Evaluating the Association between Activity and PROMIS Pediatric Measures in

Children with Chronic Conditions


We will compare daily step data with patient self-reports on PROMIS Pediatric domains (physical activity, function-mobility, pain interference, fatigue, depression) for 200 children and adolescents, including 50 children 8-12 years of age with cancer, 50 children 8-12 years of age with JIA or SLE, and 50 children 8-12 years of age and 50 adolescents 13 – 17 years of age with not well controlled asthma. Participants will be asked to wear a VivoFit3 activity monitor for 7 days prior to a survey assessment time point on at least two occasions. The VivoFit3 will be worn on Days 1-7 and the surveys will be completed on Day 7 so that the data collected by the monitor corresponds with the recall period of PROMIS surveys.


A brief ecological survey regarding participation in organized sports, other circumstances affecting activity, and days/times in which the device was not worn will also be administered on day 7, and aid in interpretation of the data.

Measures and Analyses These PROMIS pediatric measures will be included in this analysis: Physical Activity, Physical Function-Mobility, Pain Interference, Fatigue, and Depression. Cross-sectional analyses of daily step and PROMIS Pediatric measures will be used to test convergent validity of conceptually linked measures.


Results from regression models for longitudinal data analyses of PRO measures will be benchmarked against regression results from step data, to ascertain responsiveness. We will use descriptive statistics to understand patterns by condition; we will analyze data in aggregate and test whether disease group (covariate) is associated with outcomes. Analyses will control for demographics, mental health, and ecologic factors such as sports participation and season/weather.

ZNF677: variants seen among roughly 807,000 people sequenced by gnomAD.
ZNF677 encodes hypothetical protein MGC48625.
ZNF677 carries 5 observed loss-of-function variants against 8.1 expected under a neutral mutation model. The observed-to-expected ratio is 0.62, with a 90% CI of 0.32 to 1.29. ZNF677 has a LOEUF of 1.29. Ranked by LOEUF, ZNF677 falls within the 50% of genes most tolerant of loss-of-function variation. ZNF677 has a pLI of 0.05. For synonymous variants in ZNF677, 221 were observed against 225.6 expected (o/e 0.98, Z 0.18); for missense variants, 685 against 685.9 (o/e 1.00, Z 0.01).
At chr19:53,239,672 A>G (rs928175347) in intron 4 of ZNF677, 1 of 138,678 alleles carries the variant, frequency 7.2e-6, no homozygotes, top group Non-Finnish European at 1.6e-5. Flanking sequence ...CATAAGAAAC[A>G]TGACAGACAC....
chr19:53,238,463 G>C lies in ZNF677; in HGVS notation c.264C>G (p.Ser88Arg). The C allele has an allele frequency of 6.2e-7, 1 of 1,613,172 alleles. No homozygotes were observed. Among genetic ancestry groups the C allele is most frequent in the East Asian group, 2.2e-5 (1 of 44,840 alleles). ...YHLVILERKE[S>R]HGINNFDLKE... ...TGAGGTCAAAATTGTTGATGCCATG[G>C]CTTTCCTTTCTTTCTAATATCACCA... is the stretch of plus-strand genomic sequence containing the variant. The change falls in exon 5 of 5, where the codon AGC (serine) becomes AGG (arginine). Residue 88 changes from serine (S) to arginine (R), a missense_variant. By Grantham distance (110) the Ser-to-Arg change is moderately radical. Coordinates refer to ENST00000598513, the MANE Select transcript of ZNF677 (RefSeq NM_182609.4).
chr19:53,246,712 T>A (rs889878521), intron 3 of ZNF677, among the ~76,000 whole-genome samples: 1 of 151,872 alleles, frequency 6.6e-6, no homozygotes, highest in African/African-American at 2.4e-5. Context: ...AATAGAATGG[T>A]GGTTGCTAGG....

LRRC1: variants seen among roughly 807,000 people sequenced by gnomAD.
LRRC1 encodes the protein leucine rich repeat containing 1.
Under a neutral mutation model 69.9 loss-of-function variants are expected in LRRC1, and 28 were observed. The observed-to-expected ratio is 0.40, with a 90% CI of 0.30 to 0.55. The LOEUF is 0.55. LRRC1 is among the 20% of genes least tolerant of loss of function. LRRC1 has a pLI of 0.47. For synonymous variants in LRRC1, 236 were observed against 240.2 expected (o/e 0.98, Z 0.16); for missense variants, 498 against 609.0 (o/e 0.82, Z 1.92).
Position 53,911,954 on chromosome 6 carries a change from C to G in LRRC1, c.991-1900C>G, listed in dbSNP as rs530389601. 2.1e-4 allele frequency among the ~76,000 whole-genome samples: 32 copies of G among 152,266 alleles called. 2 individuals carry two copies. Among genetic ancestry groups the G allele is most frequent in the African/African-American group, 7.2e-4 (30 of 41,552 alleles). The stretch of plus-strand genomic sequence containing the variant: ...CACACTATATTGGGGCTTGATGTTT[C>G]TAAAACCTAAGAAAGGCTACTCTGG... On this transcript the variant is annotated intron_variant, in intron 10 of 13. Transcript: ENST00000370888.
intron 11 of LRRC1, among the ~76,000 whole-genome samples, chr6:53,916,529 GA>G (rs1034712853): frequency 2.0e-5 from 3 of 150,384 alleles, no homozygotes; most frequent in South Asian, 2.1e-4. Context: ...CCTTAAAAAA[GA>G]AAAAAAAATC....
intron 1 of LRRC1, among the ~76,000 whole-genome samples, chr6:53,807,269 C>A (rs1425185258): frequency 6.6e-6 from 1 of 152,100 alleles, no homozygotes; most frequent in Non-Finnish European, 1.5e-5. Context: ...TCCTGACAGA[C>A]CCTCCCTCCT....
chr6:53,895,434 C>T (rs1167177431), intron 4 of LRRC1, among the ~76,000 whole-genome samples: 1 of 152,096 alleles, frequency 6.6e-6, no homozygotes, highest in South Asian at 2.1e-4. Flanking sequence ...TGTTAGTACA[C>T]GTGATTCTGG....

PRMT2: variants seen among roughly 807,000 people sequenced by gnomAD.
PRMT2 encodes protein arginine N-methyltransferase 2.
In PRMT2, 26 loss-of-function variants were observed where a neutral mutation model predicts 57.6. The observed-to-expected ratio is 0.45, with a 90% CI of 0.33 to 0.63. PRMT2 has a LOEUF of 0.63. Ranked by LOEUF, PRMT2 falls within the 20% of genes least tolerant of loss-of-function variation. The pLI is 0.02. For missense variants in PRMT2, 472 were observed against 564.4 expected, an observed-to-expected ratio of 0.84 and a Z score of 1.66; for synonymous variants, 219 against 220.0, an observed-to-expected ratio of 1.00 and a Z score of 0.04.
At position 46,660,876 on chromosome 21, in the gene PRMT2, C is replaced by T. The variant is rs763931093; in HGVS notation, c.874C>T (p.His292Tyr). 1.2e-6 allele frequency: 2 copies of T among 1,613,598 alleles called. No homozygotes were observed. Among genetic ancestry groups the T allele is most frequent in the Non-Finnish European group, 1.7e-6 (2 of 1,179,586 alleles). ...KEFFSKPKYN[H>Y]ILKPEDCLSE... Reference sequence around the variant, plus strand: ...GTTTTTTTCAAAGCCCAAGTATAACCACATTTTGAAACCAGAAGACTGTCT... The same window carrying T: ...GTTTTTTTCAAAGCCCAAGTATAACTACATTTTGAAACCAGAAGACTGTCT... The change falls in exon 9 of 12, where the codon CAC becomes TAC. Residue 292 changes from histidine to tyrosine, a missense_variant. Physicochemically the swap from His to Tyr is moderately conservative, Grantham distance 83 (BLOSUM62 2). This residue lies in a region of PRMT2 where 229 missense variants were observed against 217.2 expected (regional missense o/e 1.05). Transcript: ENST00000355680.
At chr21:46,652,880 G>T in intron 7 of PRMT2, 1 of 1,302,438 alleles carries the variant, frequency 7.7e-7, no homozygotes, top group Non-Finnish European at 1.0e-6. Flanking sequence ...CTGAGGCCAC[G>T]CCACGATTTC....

• Determine the association between activity (steps taken) and PROMIS Pediatric measures in order to explore the use of pedometry data to augment PROs in research and clinical care. 

  • The Duke PEPR Center is currently evaluating the associations between activity trackers and scores on PROMIS pediatric measures in adolescents aged 13 – 17 years who have cancer, juvenile idiopathic arthritis, or lupus. This IOF project extends this project across age and disease groups by:

    • Collecting activity data from younger populations, aged 8 to 12 years of age 

    • Extending the study to pediatric populations with Asthma.

  • This data will be valuable to examine how well activity data is a proxy indicator for a child's overall health status and to what extent activity data may be used to represent health status when it is not possible to directly collect PRO data (poor literacy, severe illness, and non-adherence). 

  • We hypothesize that daily step data will be highly correlated with and responsive when measured against PROMIS Pediatric measures of Physical Activity and Physical Function-Mobility.

  • Exploratory analyses will examine the association of daily steps with pain interference, fatigue, and depression.


Manuscript(s) providing findings from evaluation of the association between PROMIS Pediatric measures of health status and activity data.  This information sets a benchmark to both 1) the consideration for use of activity data when the child may not be able to provide self-report data; 2) design of interventions to enhance physical fitness through use of activity trackers and PRO data. 

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